Modern medicine heavily relies on the effects of antibiotics and vaccines in the prevention of infectious diseases. The breakthroughs in their development are directly linked with an increase in global health and the longevity of an average person (Walsh & Wencewicz, 2020). Chevalier-Cottin et al. (2020) state that vaccines are “the safest and most effective way of preventing infectious diseases, and is acknowledged to be one of the greatest global health achievements” (p. 468). Antibiotics, in turn, provide an efficient way to eliminate the existing bacteria in a timely manner (Walsh & Wencewicz, 2020). This research paper discusses the medical and chemical properties of antibiotics and vaccines and highlights their current issues and future implications.
Chemically, these two types of drugs present different approaches to the treatment of infectious diseases. Chemical components in antibiotics serve as antibacterial agents that can be explicitly aimed against a particular invading bacteria or have a broad spectrum (Walsh & Wencewicz, 2020). Walsh and Wencewicz (2020) argue that “new chemical matter is needed to be turned into next generations of effective antibiotic agents” (p. 14). Vaccines, in turn, curb the rate of spread of infections by boosting immune systems, which eventually leads to the extinction of a virus, as it is unable to find a new host within the available range (Chevalier-Cottin et al., 2020). The effect of vaccines can be easily traced in a down-sizing trend of influenza cases in a vaccinated population (Jackson et al., 2017). Together, these two types of drugs make it possible for humanity to avoid major pandemics similar to the influenza pandemic in 1918.
Due to their efficiency, vaccines and antibiotics are highly sought-after across the globe, which sometimes makes it difficult to distribute them. Not only is it crucial not to exclude particular populations from vaccination, but it is also necessary to increase the acceptance of this method of treatment (Chevalier-Cottin et al., 2020). With the recent outbreak, vaccines and antibiotics have received significant attention, as their crucial role in upholding a functioning society has been proven once again (Michel, 2020). Distribution and administering of vaccines and antibiotics is a global objective that requires strict measures and solutions.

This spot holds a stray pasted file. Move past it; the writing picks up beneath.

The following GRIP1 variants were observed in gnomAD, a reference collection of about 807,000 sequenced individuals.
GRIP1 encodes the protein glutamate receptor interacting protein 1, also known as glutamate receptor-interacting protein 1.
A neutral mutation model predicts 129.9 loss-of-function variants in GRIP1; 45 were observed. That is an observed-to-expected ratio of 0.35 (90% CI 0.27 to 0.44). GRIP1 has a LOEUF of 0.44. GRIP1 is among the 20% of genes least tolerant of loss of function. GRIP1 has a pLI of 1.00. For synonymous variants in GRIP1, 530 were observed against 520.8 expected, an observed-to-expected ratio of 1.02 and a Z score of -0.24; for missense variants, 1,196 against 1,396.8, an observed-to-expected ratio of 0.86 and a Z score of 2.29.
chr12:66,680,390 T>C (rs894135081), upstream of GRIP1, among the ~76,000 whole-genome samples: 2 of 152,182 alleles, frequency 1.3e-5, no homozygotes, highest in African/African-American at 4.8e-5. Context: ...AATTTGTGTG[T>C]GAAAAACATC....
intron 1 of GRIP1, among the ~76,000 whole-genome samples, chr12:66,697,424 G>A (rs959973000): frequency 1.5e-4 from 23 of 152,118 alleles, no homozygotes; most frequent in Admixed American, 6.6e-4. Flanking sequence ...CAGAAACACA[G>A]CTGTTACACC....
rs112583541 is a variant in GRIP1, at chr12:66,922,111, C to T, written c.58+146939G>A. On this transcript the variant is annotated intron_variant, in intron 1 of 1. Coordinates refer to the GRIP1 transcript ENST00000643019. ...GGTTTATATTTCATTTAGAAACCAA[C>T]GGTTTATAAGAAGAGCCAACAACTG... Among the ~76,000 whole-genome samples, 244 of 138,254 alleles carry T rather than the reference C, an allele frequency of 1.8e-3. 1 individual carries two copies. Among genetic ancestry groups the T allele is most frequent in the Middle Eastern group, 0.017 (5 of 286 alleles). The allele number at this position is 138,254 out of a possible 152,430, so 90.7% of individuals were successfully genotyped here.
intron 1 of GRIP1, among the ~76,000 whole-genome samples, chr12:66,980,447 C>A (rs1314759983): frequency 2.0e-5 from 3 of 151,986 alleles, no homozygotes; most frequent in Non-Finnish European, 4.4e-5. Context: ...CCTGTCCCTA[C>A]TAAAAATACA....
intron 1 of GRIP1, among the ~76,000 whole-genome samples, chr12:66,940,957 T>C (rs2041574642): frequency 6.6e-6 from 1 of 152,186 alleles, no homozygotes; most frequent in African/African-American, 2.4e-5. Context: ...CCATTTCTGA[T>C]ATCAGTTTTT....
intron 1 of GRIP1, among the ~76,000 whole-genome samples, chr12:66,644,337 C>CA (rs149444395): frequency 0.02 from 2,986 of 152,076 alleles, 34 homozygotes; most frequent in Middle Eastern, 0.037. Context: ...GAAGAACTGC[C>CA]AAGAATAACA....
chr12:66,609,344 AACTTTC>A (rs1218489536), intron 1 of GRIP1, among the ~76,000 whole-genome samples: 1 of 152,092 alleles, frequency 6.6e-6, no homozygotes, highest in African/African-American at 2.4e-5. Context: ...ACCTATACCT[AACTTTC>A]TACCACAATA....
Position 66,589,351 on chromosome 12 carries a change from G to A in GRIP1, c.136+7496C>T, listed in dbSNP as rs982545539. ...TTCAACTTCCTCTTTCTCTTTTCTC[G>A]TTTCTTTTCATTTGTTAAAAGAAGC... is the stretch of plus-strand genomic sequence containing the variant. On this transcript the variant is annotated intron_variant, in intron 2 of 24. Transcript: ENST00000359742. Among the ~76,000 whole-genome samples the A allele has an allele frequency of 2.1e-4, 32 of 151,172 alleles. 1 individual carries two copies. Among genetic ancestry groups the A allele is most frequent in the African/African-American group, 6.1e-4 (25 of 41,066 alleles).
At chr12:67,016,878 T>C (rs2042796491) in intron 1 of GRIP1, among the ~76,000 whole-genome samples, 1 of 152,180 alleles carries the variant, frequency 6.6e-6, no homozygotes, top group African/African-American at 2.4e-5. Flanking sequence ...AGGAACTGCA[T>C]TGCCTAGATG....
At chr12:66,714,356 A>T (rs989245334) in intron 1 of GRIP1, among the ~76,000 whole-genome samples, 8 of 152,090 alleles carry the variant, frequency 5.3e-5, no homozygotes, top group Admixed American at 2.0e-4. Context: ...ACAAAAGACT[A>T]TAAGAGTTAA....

The studies of infectious diseases always require modifications and research, as new viruses will continue to emerge. The much-needed attention to vaccines and antibiotics is crucial in funding further studies regarding emerging issues (Walsh & Wencewicz, 2020). The research of chemical properties of antibiotic components is vital in reducing the adverse impact of new threats, such as antimicrobial resistance (Walsh & Wencewicz, 2020). Walsh & Wencewicz (2020) state that there is much potential in the development of new prevention drugs due to “the new approaches in genomics, analytical and synthetic chemistry, and DNA-based diagnostics” (p. 13). Antibiotics and vaccines are shown to boost one’s immune system throughout the life cycle, making them crucial at all ages and not just in childhood (Chevalier-Cottin et al., 2020). Numerous studies show the importance of the development of the subject.
In conclusion, there is a definite need for society to recognize vaccines and antibiotics and the pillars of medical progress. While the efficiency of these measures is proven, it is essential to deliver this knowledge to people across the globe. The current situation with COVID-19 has shown that people’s views on the subject are heavily influenced by unsubstantial claims, which only fuel ignorance (Michel, 2020). The role of antibiotics and vaccines in the treatment and prevention of infectious diseases can not be underestimated.
Chevalier-Cottin, E., Ashbaugh, H., Brooke, N., Gavazzi, G., Santillana, M., Burlet, N., & Tin Tin Htar, M. (2020). Communicating benefits from vaccines beyond preventing infectious diseases. Infectious Diseases and Therapy, 9(3), 467-480. Web.
Jackson, M. L., Chung, J. R., Jackson, L. A., Phillips, C. H., Benoit, J., Monto, A. S., Flannery, B. (2017). Influenza Vaccine Effectiveness in the United States during the 2015–2016 Season. New England Journal of Medicine, 377(6), 534–543. Web.
Michel, J. (2020). The well-known and less well-known benefits of vaccines. Aging Clinical and Experimental Research, 32(8), 1401-1404. Web.
Walsh, C., & Wencewicz, T. (2020). Antibiotics: Challenges, mechanisms, opportunities. John Wiley & Sons.